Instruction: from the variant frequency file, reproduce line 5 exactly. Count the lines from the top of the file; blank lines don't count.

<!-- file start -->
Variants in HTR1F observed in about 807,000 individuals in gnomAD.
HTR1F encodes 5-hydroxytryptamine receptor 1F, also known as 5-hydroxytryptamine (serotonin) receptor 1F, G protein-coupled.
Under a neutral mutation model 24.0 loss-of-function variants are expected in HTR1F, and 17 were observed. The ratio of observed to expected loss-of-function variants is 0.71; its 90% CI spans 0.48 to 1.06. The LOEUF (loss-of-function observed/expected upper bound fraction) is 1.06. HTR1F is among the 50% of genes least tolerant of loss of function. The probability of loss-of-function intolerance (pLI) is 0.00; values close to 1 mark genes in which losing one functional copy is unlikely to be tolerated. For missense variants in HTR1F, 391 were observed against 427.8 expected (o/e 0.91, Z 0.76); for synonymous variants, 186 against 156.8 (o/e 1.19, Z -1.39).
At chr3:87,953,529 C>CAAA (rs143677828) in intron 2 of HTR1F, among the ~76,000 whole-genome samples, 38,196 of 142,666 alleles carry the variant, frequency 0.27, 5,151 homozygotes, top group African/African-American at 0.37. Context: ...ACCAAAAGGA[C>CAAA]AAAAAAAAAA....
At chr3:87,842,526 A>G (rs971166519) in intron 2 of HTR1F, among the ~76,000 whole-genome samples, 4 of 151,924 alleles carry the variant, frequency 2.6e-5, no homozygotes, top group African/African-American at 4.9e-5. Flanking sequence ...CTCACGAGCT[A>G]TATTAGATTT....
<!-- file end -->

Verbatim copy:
At chr3:87,842,526 A>G (rs971166519) in intron 2 of HTR1F, among the ~76,000 whole-genome samples, 4 of 151,924 alleles carry the variant, frequency 2.6e-5, no homozygotes, top group African/African-American at 4.9e-5. Flanking sequence ...CTCACGAGCT[A>G]TATTAGATTT....